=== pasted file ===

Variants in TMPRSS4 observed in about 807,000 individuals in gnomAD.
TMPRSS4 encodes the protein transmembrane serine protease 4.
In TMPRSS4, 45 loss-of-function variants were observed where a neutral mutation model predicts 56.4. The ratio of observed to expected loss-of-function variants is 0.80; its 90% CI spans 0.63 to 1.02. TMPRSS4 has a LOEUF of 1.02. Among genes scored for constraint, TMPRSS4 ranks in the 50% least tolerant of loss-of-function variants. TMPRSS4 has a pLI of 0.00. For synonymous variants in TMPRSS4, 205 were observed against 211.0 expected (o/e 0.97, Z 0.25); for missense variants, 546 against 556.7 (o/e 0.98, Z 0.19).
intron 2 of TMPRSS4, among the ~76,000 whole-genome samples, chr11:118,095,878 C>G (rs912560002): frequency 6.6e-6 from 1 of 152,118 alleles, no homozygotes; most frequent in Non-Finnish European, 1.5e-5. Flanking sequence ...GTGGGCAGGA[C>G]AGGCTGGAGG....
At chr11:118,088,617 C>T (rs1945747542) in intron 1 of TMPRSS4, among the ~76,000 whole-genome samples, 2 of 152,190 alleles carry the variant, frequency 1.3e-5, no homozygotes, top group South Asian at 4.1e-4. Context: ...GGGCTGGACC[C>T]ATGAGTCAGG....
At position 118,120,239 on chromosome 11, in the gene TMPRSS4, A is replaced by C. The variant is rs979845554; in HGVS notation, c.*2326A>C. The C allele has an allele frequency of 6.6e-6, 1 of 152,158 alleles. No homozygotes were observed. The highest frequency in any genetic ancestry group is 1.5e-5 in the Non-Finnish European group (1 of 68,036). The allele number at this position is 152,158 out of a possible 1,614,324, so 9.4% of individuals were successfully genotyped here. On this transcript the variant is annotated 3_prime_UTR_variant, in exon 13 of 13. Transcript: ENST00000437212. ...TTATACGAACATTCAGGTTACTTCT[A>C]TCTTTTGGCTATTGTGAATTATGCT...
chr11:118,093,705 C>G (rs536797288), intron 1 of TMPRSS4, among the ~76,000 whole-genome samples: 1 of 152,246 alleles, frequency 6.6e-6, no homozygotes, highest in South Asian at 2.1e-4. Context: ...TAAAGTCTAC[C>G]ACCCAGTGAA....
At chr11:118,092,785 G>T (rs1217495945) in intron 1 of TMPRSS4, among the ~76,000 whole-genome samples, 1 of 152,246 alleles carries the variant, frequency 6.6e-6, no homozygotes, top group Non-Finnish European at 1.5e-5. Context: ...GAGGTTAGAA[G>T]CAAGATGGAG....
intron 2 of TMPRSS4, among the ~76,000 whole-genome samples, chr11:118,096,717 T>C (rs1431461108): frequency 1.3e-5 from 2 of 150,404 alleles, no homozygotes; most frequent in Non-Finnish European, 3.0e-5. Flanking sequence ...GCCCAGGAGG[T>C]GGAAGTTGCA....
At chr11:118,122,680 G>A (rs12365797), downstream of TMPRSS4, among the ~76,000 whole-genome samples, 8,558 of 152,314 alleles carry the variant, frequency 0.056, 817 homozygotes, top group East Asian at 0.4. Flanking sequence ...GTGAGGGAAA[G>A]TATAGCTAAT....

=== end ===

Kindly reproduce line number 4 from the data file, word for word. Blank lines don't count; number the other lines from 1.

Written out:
intron 2 of TMPRSS4, among the ~76,000 whole-genome samples, chr11:118,095,878 C>G (rs912560002): frequency 6.6e-6 from 1 of 152,118 alleles, no homozygotes; most frequent in Non-Finnish European, 1.5e-5. Flanking sequence ...GTGGGCAGGA[C>G]AGGCTGGAGG....